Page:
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- Ramp by Giant Sand
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7/10 Penrith Steve Customer review, 8th November 2014
Happily existing in the background to just about everything else for the past 30 years, and having a cast of musicians revolving around principal singer and songwriter Howe Gelb, Giant Sand have just got on with things. Releasing 27 albums since 1985, they are still only really known and admired by the initiated.
“Ramp” was released in 1991 and pretty much got lost in the thick fog of grunge. Despite it sounding a bit like the Pixies in parts (“Warm Storm”) and containing wonky songs that felt like they were going to fall apart a la Pavement (“Anti-Shadow”) it really was quite different to what was going on at then time. It even has 80 seconds of jazz paino stuck in the middle. “Romance of Falling” is a great opener, poppier than their usual desert rock/country sound it features a great catchy chorus with a background vocal from Paula Jean Brown (Who replaced Jane Wiedlin in The Go-Gos). “Neon Filler” is one of the albums best tracks again featuring female backing vocals on the chorus which are a pleasant contrast to Gelb’s voice.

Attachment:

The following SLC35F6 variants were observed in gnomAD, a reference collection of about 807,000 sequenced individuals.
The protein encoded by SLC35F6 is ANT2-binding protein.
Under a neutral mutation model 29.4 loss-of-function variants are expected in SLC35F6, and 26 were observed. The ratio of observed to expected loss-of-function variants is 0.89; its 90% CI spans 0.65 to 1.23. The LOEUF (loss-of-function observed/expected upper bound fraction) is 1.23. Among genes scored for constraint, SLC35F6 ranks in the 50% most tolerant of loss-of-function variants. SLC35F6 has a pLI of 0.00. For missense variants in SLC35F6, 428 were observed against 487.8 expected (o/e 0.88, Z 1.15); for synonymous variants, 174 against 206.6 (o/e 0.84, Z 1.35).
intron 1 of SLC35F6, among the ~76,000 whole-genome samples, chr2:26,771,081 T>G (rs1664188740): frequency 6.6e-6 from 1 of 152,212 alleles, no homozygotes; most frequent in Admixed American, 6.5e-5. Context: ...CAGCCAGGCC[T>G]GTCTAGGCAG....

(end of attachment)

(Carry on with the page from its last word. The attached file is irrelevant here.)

John Convertino and Joey Burns of Calexico are the rhythm section and two of the albums best songs “Wonder” and “Seldom Matters” feature the distinctive vocals of singer/songwriter Victoria Williams (Her song, “Frying Pan” has been covered by Evan Dando, among others”).
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